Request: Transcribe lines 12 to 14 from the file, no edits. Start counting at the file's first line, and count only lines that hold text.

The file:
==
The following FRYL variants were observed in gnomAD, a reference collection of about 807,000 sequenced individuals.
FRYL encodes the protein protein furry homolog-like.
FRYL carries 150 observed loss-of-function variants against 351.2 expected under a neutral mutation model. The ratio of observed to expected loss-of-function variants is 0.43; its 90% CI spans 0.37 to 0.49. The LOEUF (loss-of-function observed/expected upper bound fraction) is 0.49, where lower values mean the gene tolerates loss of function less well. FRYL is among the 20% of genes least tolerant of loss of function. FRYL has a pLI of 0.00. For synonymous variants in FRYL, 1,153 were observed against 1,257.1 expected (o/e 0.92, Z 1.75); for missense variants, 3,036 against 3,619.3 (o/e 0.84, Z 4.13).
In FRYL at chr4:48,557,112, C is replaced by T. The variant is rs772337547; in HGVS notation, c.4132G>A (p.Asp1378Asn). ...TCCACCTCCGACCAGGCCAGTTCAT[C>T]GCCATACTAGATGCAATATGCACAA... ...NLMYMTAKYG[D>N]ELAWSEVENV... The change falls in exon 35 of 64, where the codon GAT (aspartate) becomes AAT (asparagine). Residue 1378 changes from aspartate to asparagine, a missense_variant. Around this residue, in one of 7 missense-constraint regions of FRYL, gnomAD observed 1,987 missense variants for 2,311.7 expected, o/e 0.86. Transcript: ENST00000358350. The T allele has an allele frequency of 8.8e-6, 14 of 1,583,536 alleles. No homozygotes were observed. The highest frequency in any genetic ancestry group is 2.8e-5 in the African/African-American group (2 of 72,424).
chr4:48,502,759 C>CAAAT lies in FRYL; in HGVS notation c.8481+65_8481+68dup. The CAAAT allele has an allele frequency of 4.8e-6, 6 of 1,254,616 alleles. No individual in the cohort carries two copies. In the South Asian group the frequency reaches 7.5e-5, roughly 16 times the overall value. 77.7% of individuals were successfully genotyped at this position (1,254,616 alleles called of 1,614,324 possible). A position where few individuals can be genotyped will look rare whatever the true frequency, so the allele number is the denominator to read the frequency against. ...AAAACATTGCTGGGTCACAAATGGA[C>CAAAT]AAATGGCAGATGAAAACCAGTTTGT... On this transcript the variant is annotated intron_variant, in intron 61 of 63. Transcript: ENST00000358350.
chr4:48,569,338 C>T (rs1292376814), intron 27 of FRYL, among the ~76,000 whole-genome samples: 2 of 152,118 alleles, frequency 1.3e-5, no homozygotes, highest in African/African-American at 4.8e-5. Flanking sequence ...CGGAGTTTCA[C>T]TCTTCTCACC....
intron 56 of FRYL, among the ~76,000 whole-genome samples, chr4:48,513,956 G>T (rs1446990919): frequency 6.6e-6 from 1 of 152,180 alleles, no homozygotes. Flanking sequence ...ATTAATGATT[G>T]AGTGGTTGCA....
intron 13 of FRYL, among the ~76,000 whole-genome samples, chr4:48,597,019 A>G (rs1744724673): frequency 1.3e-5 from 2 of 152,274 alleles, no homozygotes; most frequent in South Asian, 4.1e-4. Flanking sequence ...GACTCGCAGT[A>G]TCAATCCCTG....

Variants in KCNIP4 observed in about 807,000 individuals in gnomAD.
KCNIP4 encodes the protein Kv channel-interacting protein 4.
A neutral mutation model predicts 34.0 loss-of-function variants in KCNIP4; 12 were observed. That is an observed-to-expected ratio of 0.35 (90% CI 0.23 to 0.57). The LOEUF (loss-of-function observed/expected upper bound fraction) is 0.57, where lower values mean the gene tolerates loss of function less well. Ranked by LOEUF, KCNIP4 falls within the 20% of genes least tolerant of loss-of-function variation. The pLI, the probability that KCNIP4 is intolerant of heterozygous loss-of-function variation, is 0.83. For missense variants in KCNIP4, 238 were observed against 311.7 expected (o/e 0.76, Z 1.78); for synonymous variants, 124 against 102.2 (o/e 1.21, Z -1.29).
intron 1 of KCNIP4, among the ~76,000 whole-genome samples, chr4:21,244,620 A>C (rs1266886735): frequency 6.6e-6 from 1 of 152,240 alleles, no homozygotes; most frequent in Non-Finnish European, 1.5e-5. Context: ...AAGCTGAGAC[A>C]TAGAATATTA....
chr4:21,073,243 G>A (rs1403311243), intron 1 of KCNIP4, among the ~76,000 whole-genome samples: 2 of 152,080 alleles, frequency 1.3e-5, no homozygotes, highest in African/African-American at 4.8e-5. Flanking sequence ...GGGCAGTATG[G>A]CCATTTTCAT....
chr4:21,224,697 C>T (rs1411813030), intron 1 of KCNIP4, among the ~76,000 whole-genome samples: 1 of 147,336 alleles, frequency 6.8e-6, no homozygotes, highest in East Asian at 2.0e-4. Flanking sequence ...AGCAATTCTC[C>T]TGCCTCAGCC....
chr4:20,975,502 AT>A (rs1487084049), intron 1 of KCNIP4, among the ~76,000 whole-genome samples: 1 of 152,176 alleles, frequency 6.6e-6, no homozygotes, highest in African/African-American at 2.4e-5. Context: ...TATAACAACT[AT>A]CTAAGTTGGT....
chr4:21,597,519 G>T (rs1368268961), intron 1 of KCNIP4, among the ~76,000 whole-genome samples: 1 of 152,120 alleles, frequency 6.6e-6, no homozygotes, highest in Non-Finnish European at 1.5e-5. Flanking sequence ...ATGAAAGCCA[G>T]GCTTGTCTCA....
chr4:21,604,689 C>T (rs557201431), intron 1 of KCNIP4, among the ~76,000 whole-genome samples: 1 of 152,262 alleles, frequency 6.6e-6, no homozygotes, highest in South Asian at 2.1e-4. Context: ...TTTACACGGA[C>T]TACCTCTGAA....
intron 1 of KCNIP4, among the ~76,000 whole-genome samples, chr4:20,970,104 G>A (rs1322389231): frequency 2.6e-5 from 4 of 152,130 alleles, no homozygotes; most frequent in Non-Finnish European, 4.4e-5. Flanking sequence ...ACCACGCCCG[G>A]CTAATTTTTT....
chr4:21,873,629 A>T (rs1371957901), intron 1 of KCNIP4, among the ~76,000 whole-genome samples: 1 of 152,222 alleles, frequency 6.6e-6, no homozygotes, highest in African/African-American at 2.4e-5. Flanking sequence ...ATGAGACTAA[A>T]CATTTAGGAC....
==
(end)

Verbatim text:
intron 1 of KCNIP4, among the ~76,000 whole-genome samples, chr4:21,244,620 A>C (rs1266886735): frequency 6.6e-6 from 1 of 152,240 alleles, no homozygotes; most frequent in Non-Finnish European, 1.5e-5. Context: ...AAGCTGAGAC[A>C]TAGAATATTA....
chr4:21,073,243 G>A (rs1403311243), intron 1 of KCNIP4, among the ~76,000 whole-genome samples: 2 of 152,080 alleles, frequency 1.3e-5, no homozygotes, highest in African/African-American at 4.8e-5. Flanking sequence ...GGGCAGTATG[G>A]CCATTTTCAT....
chr4:21,224,697 C>T (rs1411813030), intron 1 of KCNIP4, among the ~76,000 whole-genome samples: 1 of 147,336 alleles, frequency 6.8e-6, no homozygotes, highest in East Asian at 2.0e-4. Flanking sequence ...AGCAATTCTC[C>T]TGCCTCAGCC....